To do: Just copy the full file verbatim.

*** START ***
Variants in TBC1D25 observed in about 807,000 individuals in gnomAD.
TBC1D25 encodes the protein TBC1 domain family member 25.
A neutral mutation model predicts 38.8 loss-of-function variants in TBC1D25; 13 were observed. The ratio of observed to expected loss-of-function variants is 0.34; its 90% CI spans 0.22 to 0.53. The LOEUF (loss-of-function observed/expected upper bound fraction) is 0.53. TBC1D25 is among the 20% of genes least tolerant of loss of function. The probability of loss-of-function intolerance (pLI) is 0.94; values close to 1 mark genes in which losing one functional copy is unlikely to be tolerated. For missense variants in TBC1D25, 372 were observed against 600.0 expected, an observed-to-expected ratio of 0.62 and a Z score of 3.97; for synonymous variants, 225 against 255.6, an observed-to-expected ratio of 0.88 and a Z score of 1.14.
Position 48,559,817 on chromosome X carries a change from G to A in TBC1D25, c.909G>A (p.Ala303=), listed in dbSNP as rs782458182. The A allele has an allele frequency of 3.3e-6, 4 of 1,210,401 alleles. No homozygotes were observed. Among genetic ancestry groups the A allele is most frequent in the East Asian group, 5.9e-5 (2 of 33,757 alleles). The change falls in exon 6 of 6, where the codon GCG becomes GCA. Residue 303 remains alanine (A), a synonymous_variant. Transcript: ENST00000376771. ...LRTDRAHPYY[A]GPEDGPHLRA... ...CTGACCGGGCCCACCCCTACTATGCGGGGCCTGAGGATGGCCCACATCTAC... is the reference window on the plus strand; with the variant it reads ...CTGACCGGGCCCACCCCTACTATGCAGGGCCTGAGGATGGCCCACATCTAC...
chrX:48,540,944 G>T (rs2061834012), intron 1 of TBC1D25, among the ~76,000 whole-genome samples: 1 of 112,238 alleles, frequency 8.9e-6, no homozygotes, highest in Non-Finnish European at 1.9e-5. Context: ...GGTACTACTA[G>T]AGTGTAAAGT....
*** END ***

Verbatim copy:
Variants in TBC1D25 observed in about 807,000 individuals in gnomAD.
TBC1D25 encodes the protein TBC1 domain family member 25.
A neutral mutation model predicts 38.8 loss-of-function variants in TBC1D25; 13 were observed. The ratio of observed to expected loss-of-function variants is 0.34; its 90% CI spans 0.22 to 0.53. The LOEUF (loss-of-function observed/expected upper bound fraction) is 0.53. TBC1D25 is among the 20% of genes least tolerant of loss of function. The probability of loss-of-function intolerance (pLI) is 0.94; values close to 1 mark genes in which losing one functional copy is unlikely to be tolerated. For missense variants in TBC1D25, 372 were observed against 600.0 expected, an observed-to-expected ratio of 0.62 and a Z score of 3.97; for synonymous variants, 225 against 255.6, an observed-to-expected ratio of 0.88 and a Z score of 1.14.
Position 48,559,817 on chromosome X carries a change from G to A in TBC1D25, c.909G>A (p.Ala303=), listed in dbSNP as rs782458182. The A allele has an allele frequency of 3.3e-6, 4 of 1,210,401 alleles. No homozygotes were observed. Among genetic ancestry groups the A allele is most frequent in the East Asian group, 5.9e-5 (2 of 33,757 alleles). The change falls in exon 6 of 6, where the codon GCG becomes GCA. Residue 303 remains alanine (A), a synonymous_variant. Transcript: ENST00000376771. ...LRTDRAHPYY[A]GPEDGPHLRA... ...CTGACCGGGCCCACCCCTACTATGCGGGGCCTGAGGATGGCCCACATCTAC... is the reference window on the plus strand; with the variant it reads ...CTGACCGGGCCCACCCCTACTATGCAGGGCCTGAGGATGGCCCACATCTAC...
chrX:48,540,944 G>T (rs2061834012), intron 1 of TBC1D25, among the ~76,000 whole-genome samples: 1 of 112,238 alleles, frequency 8.9e-6, no homozygotes, highest in Non-Finnish European at 1.9e-5. Context: ...GGTACTACTA[G>T]AGTGTAAAGT....